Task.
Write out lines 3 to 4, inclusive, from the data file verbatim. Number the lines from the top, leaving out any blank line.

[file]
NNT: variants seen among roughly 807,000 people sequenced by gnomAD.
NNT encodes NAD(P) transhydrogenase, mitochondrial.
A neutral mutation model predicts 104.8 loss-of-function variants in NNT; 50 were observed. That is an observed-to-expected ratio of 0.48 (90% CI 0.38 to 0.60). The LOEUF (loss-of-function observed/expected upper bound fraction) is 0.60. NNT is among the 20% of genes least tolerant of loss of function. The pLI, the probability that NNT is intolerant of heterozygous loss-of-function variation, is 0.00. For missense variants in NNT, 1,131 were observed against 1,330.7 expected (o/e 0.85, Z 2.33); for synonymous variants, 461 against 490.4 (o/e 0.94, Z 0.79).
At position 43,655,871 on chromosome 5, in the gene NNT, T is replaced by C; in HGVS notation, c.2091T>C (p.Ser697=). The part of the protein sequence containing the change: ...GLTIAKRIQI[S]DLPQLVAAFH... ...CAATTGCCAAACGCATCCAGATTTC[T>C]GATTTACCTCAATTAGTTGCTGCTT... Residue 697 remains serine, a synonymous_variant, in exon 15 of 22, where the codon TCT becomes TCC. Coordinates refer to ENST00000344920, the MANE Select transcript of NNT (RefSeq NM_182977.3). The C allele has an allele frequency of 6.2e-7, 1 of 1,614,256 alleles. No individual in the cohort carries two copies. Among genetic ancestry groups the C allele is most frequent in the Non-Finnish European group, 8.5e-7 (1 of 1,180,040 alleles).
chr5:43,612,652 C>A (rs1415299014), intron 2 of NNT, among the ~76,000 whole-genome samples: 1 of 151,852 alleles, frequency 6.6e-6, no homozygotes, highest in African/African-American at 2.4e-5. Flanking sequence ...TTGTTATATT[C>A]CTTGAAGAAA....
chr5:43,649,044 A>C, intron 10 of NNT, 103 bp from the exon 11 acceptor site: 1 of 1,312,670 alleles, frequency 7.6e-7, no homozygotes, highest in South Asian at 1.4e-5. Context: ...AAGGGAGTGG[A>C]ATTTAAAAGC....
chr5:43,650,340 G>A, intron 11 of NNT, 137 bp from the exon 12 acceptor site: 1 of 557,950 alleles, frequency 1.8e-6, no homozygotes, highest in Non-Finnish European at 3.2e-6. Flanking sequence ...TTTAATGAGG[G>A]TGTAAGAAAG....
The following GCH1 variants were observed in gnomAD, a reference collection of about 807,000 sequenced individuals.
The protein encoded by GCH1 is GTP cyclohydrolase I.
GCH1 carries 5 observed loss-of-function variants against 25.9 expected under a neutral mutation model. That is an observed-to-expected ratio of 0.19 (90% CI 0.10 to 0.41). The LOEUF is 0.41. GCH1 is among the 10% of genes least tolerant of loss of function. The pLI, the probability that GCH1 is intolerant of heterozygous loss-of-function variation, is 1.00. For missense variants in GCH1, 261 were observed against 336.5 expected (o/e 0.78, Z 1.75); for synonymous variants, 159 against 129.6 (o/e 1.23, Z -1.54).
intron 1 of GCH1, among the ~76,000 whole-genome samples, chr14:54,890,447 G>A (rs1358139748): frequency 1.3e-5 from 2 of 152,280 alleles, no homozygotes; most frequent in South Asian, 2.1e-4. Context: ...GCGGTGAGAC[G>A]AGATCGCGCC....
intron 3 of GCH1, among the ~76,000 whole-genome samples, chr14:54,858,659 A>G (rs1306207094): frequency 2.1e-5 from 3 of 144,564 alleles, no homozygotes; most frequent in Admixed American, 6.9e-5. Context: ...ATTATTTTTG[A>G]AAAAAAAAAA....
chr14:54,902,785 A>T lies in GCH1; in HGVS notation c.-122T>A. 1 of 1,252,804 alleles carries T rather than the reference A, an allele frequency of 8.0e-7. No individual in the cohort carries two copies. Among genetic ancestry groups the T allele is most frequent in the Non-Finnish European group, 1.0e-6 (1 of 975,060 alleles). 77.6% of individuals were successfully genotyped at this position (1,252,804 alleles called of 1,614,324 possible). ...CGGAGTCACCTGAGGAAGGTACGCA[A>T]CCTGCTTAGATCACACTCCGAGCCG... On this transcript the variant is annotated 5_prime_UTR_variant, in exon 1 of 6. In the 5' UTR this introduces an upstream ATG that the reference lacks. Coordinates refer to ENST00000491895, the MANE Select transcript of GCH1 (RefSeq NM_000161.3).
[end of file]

A neutral mutation model predicts 104.8 loss-of-function variants in NNT; 50 were observed. That is an observed-to-expected ratio of 0.48 (90% CI 0.38 to 0.60). The LOEUF (loss-of-function observed/expected upper bound fraction) is 0.60. NNT is among the 20% of genes least tolerant of loss of function. The pLI, the probability that NNT is intolerant of heterozygous loss-of-function variation, is 0.00. For missense variants in NNT, 1,131 were observed against 1,330.7 expected (o/e 0.85, Z 2.33); for synonymous variants, 461 against 490.4 (o/e 0.94, Z 0.79).
At position 43,655,871 on chromosome 5, in the gene NNT, T is replaced by C; in HGVS notation, c.2091T>C (p.Ser697=). The part of the protein sequence containing the change: ...GLTIAKRIQI[S]DLPQLVAAFH... ...CAATTGCCAAACGCATCCAGATTTC[T>C]GATTTACCTCAATTAGTTGCTGCTT... Residue 697 remains serine, a synonymous_variant, in exon 15 of 22, where the codon TCT becomes TCC. Coordinates refer to ENST00000344920, the MANE Select transcript of NNT (RefSeq NM_182977.3). The C allele has an allele frequency of 6.2e-7, 1 of 1,614,256 alleles. No individual in the cohort carries two copies. Among genetic ancestry groups the C allele is most frequent in the Non-Finnish European group, 8.5e-7 (1 of 1,180,040 alleles).